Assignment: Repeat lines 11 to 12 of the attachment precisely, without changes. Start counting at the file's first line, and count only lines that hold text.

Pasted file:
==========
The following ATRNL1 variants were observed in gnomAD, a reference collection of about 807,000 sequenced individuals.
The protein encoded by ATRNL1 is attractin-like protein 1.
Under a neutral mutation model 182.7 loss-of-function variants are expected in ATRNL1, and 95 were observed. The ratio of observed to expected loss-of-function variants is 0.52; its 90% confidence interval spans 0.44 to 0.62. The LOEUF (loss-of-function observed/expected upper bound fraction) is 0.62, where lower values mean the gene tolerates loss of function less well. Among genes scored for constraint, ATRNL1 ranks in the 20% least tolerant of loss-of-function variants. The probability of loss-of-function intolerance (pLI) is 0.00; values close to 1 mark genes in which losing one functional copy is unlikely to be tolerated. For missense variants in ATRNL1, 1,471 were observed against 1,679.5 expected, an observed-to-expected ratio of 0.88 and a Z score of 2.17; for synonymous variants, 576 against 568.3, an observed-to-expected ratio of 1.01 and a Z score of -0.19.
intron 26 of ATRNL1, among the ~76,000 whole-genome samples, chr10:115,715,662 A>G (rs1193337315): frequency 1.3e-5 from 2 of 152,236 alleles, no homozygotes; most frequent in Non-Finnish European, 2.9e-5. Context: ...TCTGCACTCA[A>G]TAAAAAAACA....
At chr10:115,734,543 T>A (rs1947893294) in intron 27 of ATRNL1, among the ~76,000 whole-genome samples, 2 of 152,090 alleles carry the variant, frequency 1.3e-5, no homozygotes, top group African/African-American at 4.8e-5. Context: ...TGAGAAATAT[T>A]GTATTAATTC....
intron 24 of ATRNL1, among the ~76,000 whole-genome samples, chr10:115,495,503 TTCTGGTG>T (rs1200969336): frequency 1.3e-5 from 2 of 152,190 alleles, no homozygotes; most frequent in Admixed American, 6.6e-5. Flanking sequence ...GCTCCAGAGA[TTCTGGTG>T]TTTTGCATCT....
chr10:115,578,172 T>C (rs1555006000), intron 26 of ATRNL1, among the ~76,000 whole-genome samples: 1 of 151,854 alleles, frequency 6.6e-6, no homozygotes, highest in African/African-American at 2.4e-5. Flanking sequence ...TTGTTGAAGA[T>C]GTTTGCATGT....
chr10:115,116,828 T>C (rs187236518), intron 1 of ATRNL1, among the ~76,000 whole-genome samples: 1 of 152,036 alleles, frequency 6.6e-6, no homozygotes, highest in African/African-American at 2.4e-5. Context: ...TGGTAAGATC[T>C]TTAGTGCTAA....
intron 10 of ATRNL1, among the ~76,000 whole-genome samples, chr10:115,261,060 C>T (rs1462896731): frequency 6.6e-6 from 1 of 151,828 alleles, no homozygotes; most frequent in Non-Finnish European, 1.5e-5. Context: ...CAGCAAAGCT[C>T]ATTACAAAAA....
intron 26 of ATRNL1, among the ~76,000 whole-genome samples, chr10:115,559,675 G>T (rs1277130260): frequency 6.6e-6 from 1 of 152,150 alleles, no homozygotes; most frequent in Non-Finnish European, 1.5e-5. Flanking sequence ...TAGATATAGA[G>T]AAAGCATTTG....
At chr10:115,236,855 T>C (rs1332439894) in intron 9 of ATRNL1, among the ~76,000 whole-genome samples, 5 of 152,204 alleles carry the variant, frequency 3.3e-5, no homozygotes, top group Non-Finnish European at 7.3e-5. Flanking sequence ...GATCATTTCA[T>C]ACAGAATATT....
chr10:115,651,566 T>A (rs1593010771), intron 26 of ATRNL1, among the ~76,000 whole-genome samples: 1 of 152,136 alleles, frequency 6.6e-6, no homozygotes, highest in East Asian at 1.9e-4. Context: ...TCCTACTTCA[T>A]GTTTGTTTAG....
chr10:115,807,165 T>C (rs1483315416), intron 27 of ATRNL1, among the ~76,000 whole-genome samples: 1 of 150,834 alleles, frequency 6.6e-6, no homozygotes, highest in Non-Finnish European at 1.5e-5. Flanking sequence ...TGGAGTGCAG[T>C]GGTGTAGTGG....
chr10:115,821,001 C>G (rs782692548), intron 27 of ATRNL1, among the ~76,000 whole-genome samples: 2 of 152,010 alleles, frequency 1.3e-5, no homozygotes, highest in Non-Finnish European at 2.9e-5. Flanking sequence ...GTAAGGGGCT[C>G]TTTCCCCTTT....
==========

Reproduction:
At chr10:115,236,855 T>C (rs1332439894) in intron 9 of ATRNL1, among the ~76,000 whole-genome samples, 5 of 152,204 alleles carry the variant, frequency 3.3e-5, no homozygotes, top group Non-Finnish European at 7.3e-5. Flanking sequence ...GATCATTTCA[T>C]ACAGAATATT....
chr10:115,651,566 T>A (rs1593010771), intron 26 of ATRNL1, among the ~76,000 whole-genome samples: 1 of 152,136 alleles, frequency 6.6e-6, no homozygotes, highest in East Asian at 1.9e-4. Context: ...TCCTACTTCA[T>A]GTTTGTTTAG....